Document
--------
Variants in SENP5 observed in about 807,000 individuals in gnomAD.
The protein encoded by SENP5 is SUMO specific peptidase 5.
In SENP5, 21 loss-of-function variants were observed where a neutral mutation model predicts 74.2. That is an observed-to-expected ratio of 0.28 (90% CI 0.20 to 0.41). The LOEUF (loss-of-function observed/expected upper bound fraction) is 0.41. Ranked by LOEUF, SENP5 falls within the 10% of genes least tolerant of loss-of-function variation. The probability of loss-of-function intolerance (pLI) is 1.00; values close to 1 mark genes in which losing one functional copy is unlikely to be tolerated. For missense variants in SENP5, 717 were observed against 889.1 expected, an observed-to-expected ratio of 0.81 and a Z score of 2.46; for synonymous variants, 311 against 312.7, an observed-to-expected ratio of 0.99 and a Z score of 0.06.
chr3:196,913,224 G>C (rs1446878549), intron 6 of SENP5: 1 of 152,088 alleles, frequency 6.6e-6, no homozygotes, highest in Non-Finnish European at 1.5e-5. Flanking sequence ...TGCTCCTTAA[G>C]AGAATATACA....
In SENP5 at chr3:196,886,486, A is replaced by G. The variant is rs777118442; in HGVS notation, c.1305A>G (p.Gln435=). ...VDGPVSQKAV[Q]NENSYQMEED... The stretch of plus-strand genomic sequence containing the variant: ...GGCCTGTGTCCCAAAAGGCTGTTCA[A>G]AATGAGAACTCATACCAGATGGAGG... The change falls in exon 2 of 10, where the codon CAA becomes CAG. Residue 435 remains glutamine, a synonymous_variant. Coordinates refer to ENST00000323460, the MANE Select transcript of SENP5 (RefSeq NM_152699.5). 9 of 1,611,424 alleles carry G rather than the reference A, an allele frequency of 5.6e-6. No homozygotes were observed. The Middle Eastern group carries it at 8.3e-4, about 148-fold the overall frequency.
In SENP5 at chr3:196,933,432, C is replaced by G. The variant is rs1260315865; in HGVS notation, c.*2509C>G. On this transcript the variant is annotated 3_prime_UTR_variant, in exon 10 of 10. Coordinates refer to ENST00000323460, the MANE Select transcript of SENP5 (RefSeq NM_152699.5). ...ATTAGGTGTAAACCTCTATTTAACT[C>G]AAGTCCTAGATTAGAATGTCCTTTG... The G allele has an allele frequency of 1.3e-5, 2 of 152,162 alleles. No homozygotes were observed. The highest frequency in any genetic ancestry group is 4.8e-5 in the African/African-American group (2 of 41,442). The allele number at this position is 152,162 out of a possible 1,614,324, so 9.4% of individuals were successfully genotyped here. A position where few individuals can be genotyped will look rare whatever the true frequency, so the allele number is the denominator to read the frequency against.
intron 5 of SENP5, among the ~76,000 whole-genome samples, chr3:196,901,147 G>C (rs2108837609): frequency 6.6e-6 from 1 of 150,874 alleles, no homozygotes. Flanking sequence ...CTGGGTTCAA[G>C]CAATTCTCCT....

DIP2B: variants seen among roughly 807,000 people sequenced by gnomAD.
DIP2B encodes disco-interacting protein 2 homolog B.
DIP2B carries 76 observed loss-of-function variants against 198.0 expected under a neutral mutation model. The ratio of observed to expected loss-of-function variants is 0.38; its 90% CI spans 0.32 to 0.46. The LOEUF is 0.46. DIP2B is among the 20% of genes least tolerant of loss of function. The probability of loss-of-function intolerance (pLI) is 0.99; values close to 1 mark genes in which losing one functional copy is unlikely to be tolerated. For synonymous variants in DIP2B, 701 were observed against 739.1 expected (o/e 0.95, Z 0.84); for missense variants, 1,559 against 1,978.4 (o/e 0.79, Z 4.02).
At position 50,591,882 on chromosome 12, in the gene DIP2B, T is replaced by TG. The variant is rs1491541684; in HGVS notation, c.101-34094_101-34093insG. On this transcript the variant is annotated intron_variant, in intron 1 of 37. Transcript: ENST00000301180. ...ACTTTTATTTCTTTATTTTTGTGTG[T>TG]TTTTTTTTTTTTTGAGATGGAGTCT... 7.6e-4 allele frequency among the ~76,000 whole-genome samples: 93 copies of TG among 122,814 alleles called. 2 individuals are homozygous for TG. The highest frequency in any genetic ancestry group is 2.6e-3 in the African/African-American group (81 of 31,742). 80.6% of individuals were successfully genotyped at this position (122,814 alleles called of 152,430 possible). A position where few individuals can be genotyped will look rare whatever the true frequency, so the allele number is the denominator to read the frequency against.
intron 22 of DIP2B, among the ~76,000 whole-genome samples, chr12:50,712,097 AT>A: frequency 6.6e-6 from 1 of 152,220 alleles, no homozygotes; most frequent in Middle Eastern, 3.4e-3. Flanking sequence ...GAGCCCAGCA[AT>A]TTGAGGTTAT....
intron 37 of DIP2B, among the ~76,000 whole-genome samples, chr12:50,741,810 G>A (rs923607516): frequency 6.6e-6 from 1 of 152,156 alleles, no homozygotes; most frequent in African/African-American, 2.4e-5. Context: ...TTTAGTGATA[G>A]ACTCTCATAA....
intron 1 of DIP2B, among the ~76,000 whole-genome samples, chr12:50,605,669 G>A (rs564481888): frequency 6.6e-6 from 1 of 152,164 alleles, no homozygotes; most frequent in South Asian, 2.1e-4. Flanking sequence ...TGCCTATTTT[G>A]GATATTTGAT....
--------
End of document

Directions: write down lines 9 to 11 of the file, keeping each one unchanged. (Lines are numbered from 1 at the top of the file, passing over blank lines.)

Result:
DIP2B encodes disco-interacting protein 2 homolog B.
DIP2B carries 76 observed loss-of-function variants against 198.0 expected under a neutral mutation model. The ratio of observed to expected loss-of-function variants is 0.38; its 90% CI spans 0.32 to 0.46. The LOEUF is 0.46. DIP2B is among the 20% of genes least tolerant of loss of function. The probability of loss-of-function intolerance (pLI) is 0.99; values close to 1 mark genes in which losing one functional copy is unlikely to be tolerated. For synonymous variants in DIP2B, 701 were observed against 739.1 expected (o/e 0.95, Z 0.84); for missense variants, 1,559 against 1,978.4 (o/e 0.79, Z 4.02).
At position 50,591,882 on chromosome 12, in the gene DIP2B, T is replaced by TG. The variant is rs1491541684; in HGVS notation, c.101-34094_101-34093insG. On this transcript the variant is annotated intron_variant, in intron 1 of 37. Transcript: ENST00000301180. ...ACTTTTATTTCTTTATTTTTGTGTG[T>TG]TTTTTTTTTTTTTGAGATGGAGTCT... 7.6e-4 allele frequency among the ~76,000 whole-genome samples: 93 copies of TG among 122,814 alleles called. 2 individuals are homozygous for TG. The highest frequency in any genetic ancestry group is 2.6e-3 in the African/African-American group (81 of 31,742). 80.6% of individuals were successfully genotyped at this position (122,814 alleles called of 152,430 possible). A position where few individuals can be genotyped will look rare whatever the true frequency, so the allele number is the denominator to read the frequency against.